• Is the item returnable according to your returns policy? – If it’s not, will you still take it back to placate the customer?
  • Is the item legally returnable? – Some items, namely pharmaceuticals, cannot be taken back except under specific circumstances.
  • Do they need approval from your team? – Do returns need the approval of someone on your team, or are they automatic? Do you want to open a chat with the customer to see why they’re unhappy with it? Perhaps they are using it incorrectly and the return is unnecessary.
  • Has the return time expired? – Customers can often be dissuaded from seeking a return if the return time has passed.
  • Do they want a refund or replacement? – Can they have either, or is only one allowed?
  • Is “I changed my mind” a valid reason? – This must be spelled out very clearly in your returns, and also have to decide how you will respond if they press the issue.

Determine the Workflow


The key takeaway from this is to set customer expectations, both before the return and after it has been started. Put yourself in the customer’s shoes and think about how you’d like the transactions to go...and what you’d do if it doesn’t go as you’d like.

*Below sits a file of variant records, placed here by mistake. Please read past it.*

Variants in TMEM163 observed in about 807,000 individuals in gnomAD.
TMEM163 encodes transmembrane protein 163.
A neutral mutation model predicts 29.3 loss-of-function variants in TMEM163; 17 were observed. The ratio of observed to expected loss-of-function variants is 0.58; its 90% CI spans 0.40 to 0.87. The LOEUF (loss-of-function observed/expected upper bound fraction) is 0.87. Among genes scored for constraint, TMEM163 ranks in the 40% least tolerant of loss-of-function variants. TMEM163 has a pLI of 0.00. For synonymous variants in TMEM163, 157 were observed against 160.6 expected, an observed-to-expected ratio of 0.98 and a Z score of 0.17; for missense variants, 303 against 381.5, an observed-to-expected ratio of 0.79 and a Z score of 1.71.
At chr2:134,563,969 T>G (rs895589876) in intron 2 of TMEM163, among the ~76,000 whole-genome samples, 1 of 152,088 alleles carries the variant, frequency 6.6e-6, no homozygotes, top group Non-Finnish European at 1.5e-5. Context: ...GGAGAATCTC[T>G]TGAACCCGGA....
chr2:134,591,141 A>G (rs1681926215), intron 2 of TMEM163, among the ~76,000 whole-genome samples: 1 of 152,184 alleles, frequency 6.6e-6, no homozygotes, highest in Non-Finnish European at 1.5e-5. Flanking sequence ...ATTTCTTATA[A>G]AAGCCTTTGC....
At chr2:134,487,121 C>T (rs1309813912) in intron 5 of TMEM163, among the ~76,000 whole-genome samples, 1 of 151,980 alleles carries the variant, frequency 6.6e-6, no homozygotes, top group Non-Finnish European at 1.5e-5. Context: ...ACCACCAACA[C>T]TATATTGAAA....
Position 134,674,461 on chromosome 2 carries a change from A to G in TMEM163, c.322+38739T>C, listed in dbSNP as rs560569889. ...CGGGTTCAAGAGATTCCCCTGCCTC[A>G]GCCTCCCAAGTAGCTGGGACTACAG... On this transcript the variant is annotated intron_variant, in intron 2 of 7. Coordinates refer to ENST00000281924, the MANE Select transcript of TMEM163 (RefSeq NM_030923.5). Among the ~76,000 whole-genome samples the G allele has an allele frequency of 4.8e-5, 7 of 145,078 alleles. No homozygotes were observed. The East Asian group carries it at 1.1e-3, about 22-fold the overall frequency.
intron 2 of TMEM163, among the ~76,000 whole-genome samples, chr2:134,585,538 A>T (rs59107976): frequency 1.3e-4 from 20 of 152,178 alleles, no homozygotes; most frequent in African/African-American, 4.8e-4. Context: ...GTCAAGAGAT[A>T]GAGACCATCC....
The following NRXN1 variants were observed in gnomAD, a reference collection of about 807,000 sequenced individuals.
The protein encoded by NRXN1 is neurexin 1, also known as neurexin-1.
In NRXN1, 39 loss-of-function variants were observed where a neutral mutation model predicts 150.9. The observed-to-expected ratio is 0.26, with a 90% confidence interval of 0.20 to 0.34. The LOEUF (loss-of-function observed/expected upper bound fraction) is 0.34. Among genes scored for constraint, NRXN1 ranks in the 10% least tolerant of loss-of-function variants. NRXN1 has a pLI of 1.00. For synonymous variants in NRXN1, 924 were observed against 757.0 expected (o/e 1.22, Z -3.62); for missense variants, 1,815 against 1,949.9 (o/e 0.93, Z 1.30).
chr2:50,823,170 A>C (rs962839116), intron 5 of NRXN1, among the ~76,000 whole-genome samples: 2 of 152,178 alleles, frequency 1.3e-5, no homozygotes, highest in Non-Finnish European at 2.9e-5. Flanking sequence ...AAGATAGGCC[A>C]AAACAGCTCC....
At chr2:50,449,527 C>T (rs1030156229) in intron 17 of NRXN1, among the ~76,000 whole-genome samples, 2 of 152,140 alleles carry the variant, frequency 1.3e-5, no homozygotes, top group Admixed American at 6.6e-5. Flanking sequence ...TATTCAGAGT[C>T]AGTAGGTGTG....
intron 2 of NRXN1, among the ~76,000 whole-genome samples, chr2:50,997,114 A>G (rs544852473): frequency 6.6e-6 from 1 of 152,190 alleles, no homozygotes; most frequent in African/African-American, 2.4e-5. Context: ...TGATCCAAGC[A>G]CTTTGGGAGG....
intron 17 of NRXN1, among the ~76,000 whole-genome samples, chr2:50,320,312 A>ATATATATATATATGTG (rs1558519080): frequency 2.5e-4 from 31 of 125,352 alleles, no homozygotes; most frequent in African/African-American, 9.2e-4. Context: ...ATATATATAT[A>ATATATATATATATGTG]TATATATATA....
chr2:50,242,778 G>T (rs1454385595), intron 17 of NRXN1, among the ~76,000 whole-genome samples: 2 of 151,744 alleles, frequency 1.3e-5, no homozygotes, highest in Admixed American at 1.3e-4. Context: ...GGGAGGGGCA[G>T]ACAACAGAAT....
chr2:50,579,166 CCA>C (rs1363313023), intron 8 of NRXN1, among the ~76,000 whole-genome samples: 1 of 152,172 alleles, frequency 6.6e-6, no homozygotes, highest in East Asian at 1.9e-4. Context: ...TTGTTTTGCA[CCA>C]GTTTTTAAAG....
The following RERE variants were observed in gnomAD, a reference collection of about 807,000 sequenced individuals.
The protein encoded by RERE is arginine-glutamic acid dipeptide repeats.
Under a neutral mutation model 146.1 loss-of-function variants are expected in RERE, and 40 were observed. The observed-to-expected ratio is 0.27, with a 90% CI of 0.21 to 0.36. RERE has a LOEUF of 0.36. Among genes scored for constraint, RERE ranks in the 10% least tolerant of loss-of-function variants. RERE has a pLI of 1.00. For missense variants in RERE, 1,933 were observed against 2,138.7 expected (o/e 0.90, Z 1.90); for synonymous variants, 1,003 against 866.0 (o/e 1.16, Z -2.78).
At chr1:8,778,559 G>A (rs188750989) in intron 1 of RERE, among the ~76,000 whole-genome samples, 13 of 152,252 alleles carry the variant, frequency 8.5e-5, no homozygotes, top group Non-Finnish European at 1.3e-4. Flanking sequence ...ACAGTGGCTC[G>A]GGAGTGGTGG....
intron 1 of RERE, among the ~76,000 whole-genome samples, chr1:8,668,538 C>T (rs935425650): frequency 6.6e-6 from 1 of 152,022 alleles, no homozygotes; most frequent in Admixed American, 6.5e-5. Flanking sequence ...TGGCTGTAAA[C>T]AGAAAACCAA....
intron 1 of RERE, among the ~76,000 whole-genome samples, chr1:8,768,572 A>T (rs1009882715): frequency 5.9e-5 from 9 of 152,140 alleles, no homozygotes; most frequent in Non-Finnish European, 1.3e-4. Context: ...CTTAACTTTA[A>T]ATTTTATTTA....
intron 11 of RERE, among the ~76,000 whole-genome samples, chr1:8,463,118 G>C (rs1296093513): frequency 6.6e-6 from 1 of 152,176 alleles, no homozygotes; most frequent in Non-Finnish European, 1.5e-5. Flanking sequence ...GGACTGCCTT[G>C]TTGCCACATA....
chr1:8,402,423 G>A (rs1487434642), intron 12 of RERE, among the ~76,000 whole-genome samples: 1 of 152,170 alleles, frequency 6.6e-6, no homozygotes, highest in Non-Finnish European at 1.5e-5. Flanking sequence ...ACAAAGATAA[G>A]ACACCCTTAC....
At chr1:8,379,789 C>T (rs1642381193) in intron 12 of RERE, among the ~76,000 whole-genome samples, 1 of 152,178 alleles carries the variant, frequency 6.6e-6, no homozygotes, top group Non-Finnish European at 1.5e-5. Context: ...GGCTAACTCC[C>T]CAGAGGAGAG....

For the Customer

When a customer logs into their account, they’ll be able to see past orders; this is usually where the option for returns is found. You can decide how simple you’ll make the process. For instance, is the return automatic or will it require approval? If the RMA is approved, the customer should get confirmation that it is in process and what the next steps are. You can even create the return shipping label for them (postage-paid or not).

Customers will also want to know where they are in the process once they ship it to you. Has your company received it? Has it been processed according to HIPAA standards? When will they receive their refund or replacement? All this information can easily be added to their dashboard. Again, set expectations with them about how long this could take.

For Your Team

The return process will involve your team in one way or another. Luckily, the eCommerce platform/CRM that helped the customer purchase the item can also help with the return. Stock levels can be reconciled and refunds can be issued.